The list of alleged flying cryptids is small – Mothman, the Jersey Devil, flying gargoyles, pterosaurs that escaped extinction and giant birds, like the Thunderbird of North America, the Poukai of New Zealand and the Ulama of Sri Lanka. A flying humanoid is one of the holy grails (with Bigfoot) of cryptozoology. A video popped up recently of a strange creature that looked like a monkey with bat-wings – not quite a chimpish Flying Monkey of Wizard of Oz fame, but definitely monkey-like. (Note: I won’t link to it because it shows terrible mistreatment of the creature.) Fortunately, some of the commenters were able to identify the winged creature, introducing this writer for the first time to the Colugo – better known as the Flying Lemur.
Colugos are a rare creature – the only members of the family Cynocephalidae and order Dermoptera are the Malayan flying lemur and the Philippine flying lemur, which answers your question of the only two areas of the world where they can be found in rainforests flying from tree to tree. Yes, I see the hands waving. “Flying” is one of the many misnomers we’ll encounter as we look at the flying lemur. It’s actually a glider with a giant flap of skin connecting its arms, legs and tail – more along the lines of a flying squirrel than a bat. However, it’s not a rodent or a bat … yes, you’ve probably figured out that it’s not a lemur either. Lemurs are at the smaller end of the primate family and it and the colugo share some characteristics – nocturnal, live primarily in trees, excellent night vision. (Pictures and a video here.)
However, closer biological analysis finds unusual traits that make them a distinct family from primates. There’s the gliding – no other primate-like creature can glide between trees as much as 50 meters (490 feet) apart. They also lack opposing thumbs – all five fingers are the same. Perhaps most interesting – although they are placental, colugo babies are born undeveloped like marsupials and cling to their mother’s belly inside a semi-pouch for up to six months. And even after they’re out of the pouch, the mothers still fly with their babies hanging on.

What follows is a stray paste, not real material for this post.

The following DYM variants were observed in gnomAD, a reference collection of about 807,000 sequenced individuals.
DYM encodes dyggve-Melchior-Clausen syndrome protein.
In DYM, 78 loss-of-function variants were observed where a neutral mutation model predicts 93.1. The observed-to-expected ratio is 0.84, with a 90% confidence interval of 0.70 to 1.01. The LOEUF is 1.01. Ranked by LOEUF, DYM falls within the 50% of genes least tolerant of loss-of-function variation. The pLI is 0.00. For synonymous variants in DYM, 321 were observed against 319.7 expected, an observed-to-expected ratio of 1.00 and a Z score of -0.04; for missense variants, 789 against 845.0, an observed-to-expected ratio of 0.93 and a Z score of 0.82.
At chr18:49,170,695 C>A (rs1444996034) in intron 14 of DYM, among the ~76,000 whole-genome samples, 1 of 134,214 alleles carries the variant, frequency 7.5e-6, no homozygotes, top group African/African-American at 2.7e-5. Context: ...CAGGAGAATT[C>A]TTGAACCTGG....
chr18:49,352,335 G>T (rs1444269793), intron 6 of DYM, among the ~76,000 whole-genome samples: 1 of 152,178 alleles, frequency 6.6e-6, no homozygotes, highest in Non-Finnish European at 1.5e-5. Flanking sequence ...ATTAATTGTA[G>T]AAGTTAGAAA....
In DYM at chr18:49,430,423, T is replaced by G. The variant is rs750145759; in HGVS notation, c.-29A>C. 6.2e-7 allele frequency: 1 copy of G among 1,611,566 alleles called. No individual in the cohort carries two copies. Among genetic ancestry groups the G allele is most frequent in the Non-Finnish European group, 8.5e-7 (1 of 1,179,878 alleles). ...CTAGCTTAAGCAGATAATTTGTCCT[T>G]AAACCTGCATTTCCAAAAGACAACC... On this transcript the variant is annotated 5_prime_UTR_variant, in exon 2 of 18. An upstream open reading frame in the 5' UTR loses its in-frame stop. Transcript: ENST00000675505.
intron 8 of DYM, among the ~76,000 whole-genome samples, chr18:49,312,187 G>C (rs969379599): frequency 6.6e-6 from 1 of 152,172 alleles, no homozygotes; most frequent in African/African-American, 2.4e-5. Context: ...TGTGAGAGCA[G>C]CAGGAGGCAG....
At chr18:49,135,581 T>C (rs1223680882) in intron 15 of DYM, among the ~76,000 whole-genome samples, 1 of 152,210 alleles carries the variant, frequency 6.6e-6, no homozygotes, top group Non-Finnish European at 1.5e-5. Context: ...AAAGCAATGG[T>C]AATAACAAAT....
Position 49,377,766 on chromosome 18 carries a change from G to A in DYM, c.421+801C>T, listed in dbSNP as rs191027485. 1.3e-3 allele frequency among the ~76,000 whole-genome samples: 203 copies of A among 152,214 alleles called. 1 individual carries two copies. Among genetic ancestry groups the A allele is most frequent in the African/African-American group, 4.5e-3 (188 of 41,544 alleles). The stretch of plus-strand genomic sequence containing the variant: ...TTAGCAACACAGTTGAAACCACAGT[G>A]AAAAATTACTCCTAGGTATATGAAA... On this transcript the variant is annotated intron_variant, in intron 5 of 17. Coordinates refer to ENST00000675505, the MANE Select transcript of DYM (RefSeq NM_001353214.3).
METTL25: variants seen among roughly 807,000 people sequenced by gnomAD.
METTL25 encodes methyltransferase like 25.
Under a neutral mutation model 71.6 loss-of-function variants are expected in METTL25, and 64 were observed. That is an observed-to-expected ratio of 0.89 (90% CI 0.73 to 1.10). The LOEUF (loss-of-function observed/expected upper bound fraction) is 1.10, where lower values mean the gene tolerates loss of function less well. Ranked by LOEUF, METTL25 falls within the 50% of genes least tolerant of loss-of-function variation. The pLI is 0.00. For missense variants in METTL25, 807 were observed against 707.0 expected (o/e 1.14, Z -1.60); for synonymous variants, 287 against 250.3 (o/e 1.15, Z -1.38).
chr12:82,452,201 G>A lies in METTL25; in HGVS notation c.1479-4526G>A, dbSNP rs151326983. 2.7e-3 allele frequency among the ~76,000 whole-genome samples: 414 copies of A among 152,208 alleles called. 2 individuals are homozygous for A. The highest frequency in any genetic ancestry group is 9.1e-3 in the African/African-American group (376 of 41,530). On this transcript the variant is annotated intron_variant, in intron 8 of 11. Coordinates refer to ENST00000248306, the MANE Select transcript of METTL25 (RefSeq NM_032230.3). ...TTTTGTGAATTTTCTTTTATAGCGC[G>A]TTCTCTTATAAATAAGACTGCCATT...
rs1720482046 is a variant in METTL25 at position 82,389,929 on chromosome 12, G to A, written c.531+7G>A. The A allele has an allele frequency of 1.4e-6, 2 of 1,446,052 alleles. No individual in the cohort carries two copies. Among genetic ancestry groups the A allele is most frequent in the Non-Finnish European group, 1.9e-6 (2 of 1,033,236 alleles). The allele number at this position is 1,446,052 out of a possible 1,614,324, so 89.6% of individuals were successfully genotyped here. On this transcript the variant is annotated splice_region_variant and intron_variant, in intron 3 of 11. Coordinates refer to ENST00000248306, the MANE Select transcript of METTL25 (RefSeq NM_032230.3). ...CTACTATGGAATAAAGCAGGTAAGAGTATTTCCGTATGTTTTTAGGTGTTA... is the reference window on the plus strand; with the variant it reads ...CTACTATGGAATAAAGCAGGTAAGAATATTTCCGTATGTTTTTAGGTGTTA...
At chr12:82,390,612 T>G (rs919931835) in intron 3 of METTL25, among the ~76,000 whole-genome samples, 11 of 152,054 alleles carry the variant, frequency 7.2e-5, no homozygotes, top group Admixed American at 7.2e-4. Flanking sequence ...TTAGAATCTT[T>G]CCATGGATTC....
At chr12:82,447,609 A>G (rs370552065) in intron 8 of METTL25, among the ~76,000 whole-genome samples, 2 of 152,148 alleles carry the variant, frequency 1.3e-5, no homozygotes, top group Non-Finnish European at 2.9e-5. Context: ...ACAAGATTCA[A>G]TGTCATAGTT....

OK, a nocturnal flying primate sounds like a good candidate for being mistaken for a Mothman or a flying monkey, right? Unfortunately, the last similarity to the lemur knocks them out of mistaken flying humanoid contention – their top size is 35 to 40 cm (14 to 16 in) long and 1 to 2 kg (2.2 to 4.4 lb) in weight. Not a flying humanoid, not a flyer, not a lemur, not a cryptid – although definitely on the rarely-seen and vulnerable list due to eagles, habitat destruction and humans who hunt them for fur and – you guessed it – meat.
One more strange trait of this strange creature – its feces move. Wired reports that collections of colugo crap have been seen wiggling and squirming … like the pile of parasitic worms that inhabit the innards of the flying lemur. It’s believed that this is due to the extremely long digestive tract which the colugo needs to break down the tough trees and leaves it eats. Those long tracts are the perfect place for parasitic worms to hide, like passengers inside a jet (remember flying in jets?). All of this evolved starting 90 million years ago when colugo ancestors broke away from the primate family.
Not exactly a mini-Mothman but the Flying Lemur is still pretty cool.